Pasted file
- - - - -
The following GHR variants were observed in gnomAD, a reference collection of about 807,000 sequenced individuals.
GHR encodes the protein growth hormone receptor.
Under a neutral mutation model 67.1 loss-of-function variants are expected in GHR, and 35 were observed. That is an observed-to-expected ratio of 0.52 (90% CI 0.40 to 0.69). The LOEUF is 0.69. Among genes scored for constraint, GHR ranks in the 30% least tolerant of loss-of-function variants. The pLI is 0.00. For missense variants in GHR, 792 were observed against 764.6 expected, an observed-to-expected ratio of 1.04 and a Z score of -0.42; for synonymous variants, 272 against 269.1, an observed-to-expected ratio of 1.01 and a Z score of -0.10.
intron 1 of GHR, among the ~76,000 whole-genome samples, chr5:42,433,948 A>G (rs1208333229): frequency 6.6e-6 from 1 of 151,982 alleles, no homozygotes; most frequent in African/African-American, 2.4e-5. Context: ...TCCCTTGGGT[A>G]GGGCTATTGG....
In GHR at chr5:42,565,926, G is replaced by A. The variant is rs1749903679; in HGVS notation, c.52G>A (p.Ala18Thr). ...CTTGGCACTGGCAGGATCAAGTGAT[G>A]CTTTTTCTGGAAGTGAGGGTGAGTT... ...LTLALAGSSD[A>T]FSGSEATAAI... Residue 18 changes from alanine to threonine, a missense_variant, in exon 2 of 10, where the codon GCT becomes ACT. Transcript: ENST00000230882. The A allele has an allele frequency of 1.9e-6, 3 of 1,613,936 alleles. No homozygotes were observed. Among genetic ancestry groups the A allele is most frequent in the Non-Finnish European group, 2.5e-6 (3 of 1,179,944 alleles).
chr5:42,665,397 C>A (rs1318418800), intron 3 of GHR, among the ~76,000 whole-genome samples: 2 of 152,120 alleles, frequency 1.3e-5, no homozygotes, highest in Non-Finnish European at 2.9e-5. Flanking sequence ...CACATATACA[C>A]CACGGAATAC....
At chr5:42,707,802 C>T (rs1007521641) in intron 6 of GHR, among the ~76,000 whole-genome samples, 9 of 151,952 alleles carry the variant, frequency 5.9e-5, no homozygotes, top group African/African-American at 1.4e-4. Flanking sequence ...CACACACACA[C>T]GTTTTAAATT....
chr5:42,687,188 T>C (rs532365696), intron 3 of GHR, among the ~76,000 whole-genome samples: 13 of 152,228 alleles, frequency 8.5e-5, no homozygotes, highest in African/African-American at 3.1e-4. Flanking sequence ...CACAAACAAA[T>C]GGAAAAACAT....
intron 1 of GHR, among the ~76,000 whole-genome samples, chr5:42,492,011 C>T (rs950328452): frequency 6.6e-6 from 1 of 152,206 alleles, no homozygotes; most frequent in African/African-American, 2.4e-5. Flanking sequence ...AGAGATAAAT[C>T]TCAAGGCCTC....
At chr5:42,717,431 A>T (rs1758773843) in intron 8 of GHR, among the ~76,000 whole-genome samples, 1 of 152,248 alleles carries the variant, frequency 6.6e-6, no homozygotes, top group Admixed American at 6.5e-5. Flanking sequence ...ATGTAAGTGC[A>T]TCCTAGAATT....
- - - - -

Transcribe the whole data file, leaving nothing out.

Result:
The following GHR variants were observed in gnomAD, a reference collection of about 807,000 sequenced individuals.
GHR encodes the protein growth hormone receptor.
Under a neutral mutation model 67.1 loss-of-function variants are expected in GHR, and 35 were observed. That is an observed-to-expected ratio of 0.52 (90% CI 0.40 to 0.69). The LOEUF is 0.69. Among genes scored for constraint, GHR ranks in the 30% least tolerant of loss-of-function variants. The pLI is 0.00. For missense variants in GHR, 792 were observed against 764.6 expected, an observed-to-expected ratio of 1.04 and a Z score of -0.42; for synonymous variants, 272 against 269.1, an observed-to-expected ratio of 1.01 and a Z score of -0.10.
intron 1 of GHR, among the ~76,000 whole-genome samples, chr5:42,433,948 A>G (rs1208333229): frequency 6.6e-6 from 1 of 151,982 alleles, no homozygotes; most frequent in African/African-American, 2.4e-5. Context: ...TCCCTTGGGT[A>G]GGGCTATTGG....
In GHR at chr5:42,565,926, G is replaced by A. The variant is rs1749903679; in HGVS notation, c.52G>A (p.Ala18Thr). ...CTTGGCACTGGCAGGATCAAGTGAT[G>A]CTTTTTCTGGAAGTGAGGGTGAGTT... ...LTLALAGSSD[A>T]FSGSEATAAI... Residue 18 changes from alanine to threonine, a missense_variant, in exon 2 of 10, where the codon GCT becomes ACT. Transcript: ENST00000230882. The A allele has an allele frequency of 1.9e-6, 3 of 1,613,936 alleles. No homozygotes were observed. Among genetic ancestry groups the A allele is most frequent in the Non-Finnish European group, 2.5e-6 (3 of 1,179,944 alleles).
chr5:42,665,397 C>A (rs1318418800), intron 3 of GHR, among the ~76,000 whole-genome samples: 2 of 152,120 alleles, frequency 1.3e-5, no homozygotes, highest in Non-Finnish European at 2.9e-5. Flanking sequence ...CACATATACA[C>A]CACGGAATAC....
At chr5:42,707,802 C>T (rs1007521641) in intron 6 of GHR, among the ~76,000 whole-genome samples, 9 of 151,952 alleles carry the variant, frequency 5.9e-5, no homozygotes, top group African/African-American at 1.4e-4. Flanking sequence ...CACACACACA[C>T]GTTTTAAATT....
chr5:42,687,188 T>C (rs532365696), intron 3 of GHR, among the ~76,000 whole-genome samples: 13 of 152,228 alleles, frequency 8.5e-5, no homozygotes, highest in African/African-American at 3.1e-4. Flanking sequence ...CACAAACAAA[T>C]GGAAAAACAT....
intron 1 of GHR, among the ~76,000 whole-genome samples, chr5:42,492,011 C>T (rs950328452): frequency 6.6e-6 from 1 of 152,206 alleles, no homozygotes; most frequent in African/African-American, 2.4e-5. Flanking sequence ...AGAGATAAAT[C>T]TCAAGGCCTC....
At chr5:42,717,431 A>T (rs1758773843) in intron 8 of GHR, among the ~76,000 whole-genome samples, 1 of 152,248 alleles carries the variant, frequency 6.6e-6, no homozygotes, top group Admixed American at 6.5e-5. Flanking sequence ...ATGTAAGTGC[A>T]TCCTAGAATT....